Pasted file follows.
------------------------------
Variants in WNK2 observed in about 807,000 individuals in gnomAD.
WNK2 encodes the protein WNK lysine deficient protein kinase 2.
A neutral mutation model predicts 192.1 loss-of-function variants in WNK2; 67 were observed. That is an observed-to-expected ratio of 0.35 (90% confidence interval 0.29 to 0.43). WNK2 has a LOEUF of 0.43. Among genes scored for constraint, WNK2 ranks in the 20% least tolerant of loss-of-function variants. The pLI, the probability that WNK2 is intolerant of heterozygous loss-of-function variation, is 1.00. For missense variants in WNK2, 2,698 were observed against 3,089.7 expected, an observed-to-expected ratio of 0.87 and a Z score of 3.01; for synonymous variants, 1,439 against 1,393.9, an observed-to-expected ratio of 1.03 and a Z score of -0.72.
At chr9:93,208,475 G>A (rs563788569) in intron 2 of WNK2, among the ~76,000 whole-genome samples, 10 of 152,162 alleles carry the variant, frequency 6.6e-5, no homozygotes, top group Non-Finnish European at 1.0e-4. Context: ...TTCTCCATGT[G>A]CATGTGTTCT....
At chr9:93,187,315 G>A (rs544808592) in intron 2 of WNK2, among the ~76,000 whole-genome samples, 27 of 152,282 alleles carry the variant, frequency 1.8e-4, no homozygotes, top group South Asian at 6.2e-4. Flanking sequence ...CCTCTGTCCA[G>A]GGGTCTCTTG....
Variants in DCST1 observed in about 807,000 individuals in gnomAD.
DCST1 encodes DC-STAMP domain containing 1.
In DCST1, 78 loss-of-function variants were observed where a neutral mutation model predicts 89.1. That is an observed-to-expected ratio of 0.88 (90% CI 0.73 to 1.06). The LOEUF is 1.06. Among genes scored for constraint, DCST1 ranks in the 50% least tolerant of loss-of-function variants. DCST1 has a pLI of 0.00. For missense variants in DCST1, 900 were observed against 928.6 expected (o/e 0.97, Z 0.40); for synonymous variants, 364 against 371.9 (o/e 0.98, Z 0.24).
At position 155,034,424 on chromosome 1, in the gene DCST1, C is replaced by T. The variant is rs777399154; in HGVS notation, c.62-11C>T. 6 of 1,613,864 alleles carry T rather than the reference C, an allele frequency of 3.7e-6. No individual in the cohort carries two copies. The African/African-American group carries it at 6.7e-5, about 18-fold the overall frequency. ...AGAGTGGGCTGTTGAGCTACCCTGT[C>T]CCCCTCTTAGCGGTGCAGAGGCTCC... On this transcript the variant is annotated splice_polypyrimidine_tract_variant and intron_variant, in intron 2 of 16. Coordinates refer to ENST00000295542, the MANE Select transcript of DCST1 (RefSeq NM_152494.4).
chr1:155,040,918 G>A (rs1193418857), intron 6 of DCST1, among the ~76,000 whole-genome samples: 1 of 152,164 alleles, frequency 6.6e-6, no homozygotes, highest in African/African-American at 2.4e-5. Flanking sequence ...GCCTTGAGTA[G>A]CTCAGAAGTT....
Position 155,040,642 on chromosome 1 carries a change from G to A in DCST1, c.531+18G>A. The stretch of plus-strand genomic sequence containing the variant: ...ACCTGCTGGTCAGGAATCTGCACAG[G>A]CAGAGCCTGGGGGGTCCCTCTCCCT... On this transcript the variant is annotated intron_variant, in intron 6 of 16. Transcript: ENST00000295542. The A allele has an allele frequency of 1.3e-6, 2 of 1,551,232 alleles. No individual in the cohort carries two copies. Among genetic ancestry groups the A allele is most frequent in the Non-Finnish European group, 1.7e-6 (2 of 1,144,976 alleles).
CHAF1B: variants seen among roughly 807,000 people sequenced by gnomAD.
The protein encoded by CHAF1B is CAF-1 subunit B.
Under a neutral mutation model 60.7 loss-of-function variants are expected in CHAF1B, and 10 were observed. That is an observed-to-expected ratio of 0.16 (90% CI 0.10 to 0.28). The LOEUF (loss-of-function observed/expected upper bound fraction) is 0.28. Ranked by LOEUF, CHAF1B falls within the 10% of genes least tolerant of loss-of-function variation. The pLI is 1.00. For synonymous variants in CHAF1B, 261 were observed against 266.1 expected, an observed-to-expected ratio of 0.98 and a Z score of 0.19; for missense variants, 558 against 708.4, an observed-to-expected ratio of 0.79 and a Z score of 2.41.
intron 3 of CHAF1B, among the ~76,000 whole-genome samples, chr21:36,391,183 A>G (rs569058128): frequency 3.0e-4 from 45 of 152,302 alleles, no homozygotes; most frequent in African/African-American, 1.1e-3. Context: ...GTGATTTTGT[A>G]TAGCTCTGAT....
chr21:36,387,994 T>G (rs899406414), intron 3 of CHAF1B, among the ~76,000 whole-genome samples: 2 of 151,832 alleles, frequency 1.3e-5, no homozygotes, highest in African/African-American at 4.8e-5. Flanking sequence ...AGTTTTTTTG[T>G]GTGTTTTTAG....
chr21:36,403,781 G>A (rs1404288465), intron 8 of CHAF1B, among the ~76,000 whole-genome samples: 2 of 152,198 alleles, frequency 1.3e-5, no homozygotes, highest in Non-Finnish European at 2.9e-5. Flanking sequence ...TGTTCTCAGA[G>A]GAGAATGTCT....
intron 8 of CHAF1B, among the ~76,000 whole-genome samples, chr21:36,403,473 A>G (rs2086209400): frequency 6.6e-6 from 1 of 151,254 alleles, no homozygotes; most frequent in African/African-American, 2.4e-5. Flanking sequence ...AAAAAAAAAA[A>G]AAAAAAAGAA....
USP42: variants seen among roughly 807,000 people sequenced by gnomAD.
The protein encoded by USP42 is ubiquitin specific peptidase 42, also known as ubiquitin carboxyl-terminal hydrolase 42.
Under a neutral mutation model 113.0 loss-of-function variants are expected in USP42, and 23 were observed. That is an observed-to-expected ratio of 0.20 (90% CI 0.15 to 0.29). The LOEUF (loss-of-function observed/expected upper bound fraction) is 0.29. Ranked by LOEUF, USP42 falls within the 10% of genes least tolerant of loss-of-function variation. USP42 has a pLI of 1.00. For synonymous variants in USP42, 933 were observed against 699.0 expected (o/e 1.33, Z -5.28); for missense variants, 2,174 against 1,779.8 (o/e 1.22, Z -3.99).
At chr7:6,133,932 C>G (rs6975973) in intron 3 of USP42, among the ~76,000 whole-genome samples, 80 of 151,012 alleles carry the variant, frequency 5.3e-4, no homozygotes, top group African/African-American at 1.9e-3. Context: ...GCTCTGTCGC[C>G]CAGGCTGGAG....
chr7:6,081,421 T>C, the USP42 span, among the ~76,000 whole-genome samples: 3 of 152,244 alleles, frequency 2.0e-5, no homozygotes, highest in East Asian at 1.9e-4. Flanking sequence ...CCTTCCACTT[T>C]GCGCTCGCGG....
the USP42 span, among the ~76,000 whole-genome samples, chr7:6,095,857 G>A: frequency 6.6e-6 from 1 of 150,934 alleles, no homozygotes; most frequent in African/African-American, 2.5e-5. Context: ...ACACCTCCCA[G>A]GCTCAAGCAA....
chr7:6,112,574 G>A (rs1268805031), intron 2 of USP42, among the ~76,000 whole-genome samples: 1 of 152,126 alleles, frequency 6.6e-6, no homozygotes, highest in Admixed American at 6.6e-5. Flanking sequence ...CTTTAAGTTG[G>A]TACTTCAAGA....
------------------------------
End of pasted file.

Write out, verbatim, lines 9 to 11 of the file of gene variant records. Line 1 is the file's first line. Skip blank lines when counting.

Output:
At position 155,034,424 on chromosome 1, in the gene DCST1, C is replaced by T. The variant is rs777399154; in HGVS notation, c.62-11C>T. 6 of 1,613,864 alleles carry T rather than the reference C, an allele frequency of 3.7e-6. No individual in the cohort carries two copies. The African/African-American group carries it at 6.7e-5, about 18-fold the overall frequency. ...AGAGTGGGCTGTTGAGCTACCCTGT[C>T]CCCCTCTTAGCGGTGCAGAGGCTCC... On this transcript the variant is annotated splice_polypyrimidine_tract_variant and intron_variant, in intron 2 of 16. Coordinates refer to ENST00000295542, the MANE Select transcript of DCST1 (RefSeq NM_152494.4).
chr1:155,040,918 G>A (rs1193418857), intron 6 of DCST1, among the ~76,000 whole-genome samples: 1 of 152,164 alleles, frequency 6.6e-6, no homozygotes, highest in African/African-American at 2.4e-5. Flanking sequence ...GCCTTGAGTA[G>A]CTCAGAAGTT....
Position 155,040,642 on chromosome 1 carries a change from G to A in DCST1, c.531+18G>A. The stretch of plus-strand genomic sequence containing the variant: ...ACCTGCTGGTCAGGAATCTGCACAG[G>A]CAGAGCCTGGGGGGTCCCTCTCCCT... On this transcript the variant is annotated intron_variant, in intron 6 of 16. Transcript: ENST00000295542. The A allele has an allele frequency of 1.3e-6, 2 of 1,551,232 alleles. No individual in the cohort carries two copies. Among genetic ancestry groups the A allele is most frequent in the Non-Finnish European group, 1.7e-6 (2 of 1,144,976 alleles).